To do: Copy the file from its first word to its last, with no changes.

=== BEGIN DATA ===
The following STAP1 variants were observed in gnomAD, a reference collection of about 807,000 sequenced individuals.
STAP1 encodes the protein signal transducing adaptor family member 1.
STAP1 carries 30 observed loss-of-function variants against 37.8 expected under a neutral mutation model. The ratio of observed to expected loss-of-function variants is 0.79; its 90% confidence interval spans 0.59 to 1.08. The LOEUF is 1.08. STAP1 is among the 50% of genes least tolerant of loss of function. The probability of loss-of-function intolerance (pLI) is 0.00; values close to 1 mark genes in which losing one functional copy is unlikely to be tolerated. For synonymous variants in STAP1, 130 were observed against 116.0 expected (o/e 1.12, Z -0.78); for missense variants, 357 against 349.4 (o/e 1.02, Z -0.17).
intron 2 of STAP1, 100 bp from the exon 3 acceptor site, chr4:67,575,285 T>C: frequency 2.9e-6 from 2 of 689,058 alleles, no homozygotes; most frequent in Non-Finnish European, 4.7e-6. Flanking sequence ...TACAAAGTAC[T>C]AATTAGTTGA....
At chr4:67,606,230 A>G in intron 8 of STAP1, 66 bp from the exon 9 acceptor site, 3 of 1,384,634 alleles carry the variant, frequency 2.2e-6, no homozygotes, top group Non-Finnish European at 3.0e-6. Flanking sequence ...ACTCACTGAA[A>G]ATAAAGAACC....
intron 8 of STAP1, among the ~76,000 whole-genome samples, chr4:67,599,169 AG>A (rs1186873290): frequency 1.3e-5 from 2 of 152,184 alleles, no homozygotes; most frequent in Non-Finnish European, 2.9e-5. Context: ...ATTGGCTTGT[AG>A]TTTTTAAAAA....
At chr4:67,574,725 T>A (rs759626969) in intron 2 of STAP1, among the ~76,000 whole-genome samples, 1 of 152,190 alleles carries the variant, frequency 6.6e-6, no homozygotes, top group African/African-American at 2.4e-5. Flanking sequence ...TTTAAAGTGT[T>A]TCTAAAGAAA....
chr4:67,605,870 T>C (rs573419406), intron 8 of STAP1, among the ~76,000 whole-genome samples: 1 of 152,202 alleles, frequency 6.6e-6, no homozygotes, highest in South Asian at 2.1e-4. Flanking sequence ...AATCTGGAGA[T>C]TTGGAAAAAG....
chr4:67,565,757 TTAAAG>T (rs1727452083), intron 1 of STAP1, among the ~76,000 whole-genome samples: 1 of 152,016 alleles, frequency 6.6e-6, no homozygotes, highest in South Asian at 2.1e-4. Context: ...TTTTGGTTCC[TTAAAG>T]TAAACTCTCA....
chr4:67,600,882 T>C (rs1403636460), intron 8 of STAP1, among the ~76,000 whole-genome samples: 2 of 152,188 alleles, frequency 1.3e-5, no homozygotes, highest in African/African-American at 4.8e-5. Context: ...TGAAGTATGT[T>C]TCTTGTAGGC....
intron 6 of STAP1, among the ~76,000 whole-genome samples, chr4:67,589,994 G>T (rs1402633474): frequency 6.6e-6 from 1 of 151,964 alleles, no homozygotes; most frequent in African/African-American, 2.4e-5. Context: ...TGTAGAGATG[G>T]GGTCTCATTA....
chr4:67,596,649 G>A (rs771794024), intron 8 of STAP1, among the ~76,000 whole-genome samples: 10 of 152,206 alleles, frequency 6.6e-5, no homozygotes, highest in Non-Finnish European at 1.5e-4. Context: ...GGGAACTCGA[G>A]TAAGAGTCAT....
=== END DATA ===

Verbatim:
The following STAP1 variants were observed in gnomAD, a reference collection of about 807,000 sequenced individuals.
STAP1 encodes the protein signal transducing adaptor family member 1.
STAP1 carries 30 observed loss-of-function variants against 37.8 expected under a neutral mutation model. The ratio of observed to expected loss-of-function variants is 0.79; its 90% confidence interval spans 0.59 to 1.08. The LOEUF is 1.08. STAP1 is among the 50% of genes least tolerant of loss of function. The probability of loss-of-function intolerance (pLI) is 0.00; values close to 1 mark genes in which losing one functional copy is unlikely to be tolerated. For synonymous variants in STAP1, 130 were observed against 116.0 expected (o/e 1.12, Z -0.78); for missense variants, 357 against 349.4 (o/e 1.02, Z -0.17).
intron 2 of STAP1, 100 bp from the exon 3 acceptor site, chr4:67,575,285 T>C: frequency 2.9e-6 from 2 of 689,058 alleles, no homozygotes; most frequent in Non-Finnish European, 4.7e-6. Flanking sequence ...TACAAAGTAC[T>C]AATTAGTTGA....
At chr4:67,606,230 A>G in intron 8 of STAP1, 66 bp from the exon 9 acceptor site, 3 of 1,384,634 alleles carry the variant, frequency 2.2e-6, no homozygotes, top group Non-Finnish European at 3.0e-6. Flanking sequence ...ACTCACTGAA[A>G]ATAAAGAACC....
intron 8 of STAP1, among the ~76,000 whole-genome samples, chr4:67,599,169 AG>A (rs1186873290): frequency 1.3e-5 from 2 of 152,184 alleles, no homozygotes; most frequent in Non-Finnish European, 2.9e-5. Context: ...ATTGGCTTGT[AG>A]TTTTTAAAAA....
At chr4:67,574,725 T>A (rs759626969) in intron 2 of STAP1, among the ~76,000 whole-genome samples, 1 of 152,190 alleles carries the variant, frequency 6.6e-6, no homozygotes, top group African/African-American at 2.4e-5. Flanking sequence ...TTTAAAGTGT[T>A]TCTAAAGAAA....
chr4:67,605,870 T>C (rs573419406), intron 8 of STAP1, among the ~76,000 whole-genome samples: 1 of 152,202 alleles, frequency 6.6e-6, no homozygotes, highest in South Asian at 2.1e-4. Flanking sequence ...AATCTGGAGA[T>C]TTGGAAAAAG....
chr4:67,565,757 TTAAAG>T (rs1727452083), intron 1 of STAP1, among the ~76,000 whole-genome samples: 1 of 152,016 alleles, frequency 6.6e-6, no homozygotes, highest in South Asian at 2.1e-4. Context: ...TTTTGGTTCC[TTAAAG>T]TAAACTCTCA....
chr4:67,600,882 T>C (rs1403636460), intron 8 of STAP1, among the ~76,000 whole-genome samples: 2 of 152,188 alleles, frequency 1.3e-5, no homozygotes, highest in African/African-American at 4.8e-5. Context: ...TGAAGTATGT[T>C]TCTTGTAGGC....
intron 6 of STAP1, among the ~76,000 whole-genome samples, chr4:67,589,994 G>T (rs1402633474): frequency 6.6e-6 from 1 of 151,964 alleles, no homozygotes; most frequent in African/African-American, 2.4e-5. Context: ...TGTAGAGATG[G>T]GGTCTCATTA....
chr4:67,596,649 G>A (rs771794024), intron 8 of STAP1, among the ~76,000 whole-genome samples: 10 of 152,206 alleles, frequency 6.6e-5, no homozygotes, highest in Non-Finnish European at 1.5e-4. Context: ...GGGAACTCGA[G>A]TAAGAGTCAT....